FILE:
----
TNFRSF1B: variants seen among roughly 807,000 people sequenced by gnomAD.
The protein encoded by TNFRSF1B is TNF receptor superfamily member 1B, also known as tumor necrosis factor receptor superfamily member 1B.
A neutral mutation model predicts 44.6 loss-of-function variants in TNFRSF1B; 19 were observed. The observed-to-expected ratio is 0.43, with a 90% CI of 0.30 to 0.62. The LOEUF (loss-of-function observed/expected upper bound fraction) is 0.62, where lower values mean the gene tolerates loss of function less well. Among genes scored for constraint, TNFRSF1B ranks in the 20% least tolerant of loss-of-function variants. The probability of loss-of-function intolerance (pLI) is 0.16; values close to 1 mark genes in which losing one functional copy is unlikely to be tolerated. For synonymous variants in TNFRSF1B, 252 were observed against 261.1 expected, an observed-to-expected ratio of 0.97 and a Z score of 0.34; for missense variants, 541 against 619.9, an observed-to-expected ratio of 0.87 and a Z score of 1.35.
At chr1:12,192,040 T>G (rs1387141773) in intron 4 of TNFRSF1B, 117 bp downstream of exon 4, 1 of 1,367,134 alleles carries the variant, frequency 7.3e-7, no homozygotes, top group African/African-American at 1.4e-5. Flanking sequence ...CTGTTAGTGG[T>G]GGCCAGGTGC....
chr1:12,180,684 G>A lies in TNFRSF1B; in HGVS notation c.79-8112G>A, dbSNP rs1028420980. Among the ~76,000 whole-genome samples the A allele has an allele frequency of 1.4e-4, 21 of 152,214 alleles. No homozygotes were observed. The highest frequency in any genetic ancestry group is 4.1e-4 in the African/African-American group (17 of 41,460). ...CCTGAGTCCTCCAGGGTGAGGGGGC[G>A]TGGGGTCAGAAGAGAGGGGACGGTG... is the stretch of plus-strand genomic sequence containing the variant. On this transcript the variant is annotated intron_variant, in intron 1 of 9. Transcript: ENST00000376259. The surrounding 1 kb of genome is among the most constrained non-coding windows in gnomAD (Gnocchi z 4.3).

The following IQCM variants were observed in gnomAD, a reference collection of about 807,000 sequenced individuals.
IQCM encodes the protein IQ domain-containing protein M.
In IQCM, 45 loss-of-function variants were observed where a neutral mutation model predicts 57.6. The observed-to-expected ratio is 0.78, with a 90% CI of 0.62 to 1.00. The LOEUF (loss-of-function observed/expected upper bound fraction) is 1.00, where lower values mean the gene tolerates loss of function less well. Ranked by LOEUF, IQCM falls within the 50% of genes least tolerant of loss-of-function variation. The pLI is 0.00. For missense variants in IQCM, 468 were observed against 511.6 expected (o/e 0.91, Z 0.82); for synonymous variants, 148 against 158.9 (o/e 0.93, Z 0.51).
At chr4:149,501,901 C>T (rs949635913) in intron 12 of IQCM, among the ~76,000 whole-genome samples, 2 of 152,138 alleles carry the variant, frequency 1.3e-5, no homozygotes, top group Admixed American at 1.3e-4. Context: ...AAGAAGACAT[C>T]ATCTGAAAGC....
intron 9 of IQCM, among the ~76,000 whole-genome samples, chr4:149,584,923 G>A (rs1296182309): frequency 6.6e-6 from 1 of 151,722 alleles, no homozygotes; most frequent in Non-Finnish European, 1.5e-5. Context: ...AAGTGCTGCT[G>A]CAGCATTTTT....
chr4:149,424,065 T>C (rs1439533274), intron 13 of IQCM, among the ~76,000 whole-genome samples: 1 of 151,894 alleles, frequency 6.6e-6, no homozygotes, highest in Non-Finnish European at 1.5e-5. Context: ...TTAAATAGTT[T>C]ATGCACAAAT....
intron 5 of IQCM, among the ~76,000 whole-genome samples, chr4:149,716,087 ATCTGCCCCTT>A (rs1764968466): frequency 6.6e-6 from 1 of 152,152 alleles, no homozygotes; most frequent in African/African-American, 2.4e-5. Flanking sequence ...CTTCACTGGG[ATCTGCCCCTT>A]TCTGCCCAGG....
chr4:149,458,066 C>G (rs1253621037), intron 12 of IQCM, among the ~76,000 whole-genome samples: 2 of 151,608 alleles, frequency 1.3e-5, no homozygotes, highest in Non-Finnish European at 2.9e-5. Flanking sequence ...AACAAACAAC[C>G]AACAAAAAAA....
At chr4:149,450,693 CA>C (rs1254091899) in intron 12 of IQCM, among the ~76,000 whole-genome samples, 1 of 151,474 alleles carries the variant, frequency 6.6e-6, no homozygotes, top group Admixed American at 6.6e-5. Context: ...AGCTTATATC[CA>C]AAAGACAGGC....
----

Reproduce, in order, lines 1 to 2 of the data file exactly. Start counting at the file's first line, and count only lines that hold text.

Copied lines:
TNFRSF1B: variants seen among roughly 807,000 people sequenced by gnomAD.
The protein encoded by TNFRSF1B is TNF receptor superfamily member 1B, also known as tumor necrosis factor receptor superfamily member 1B.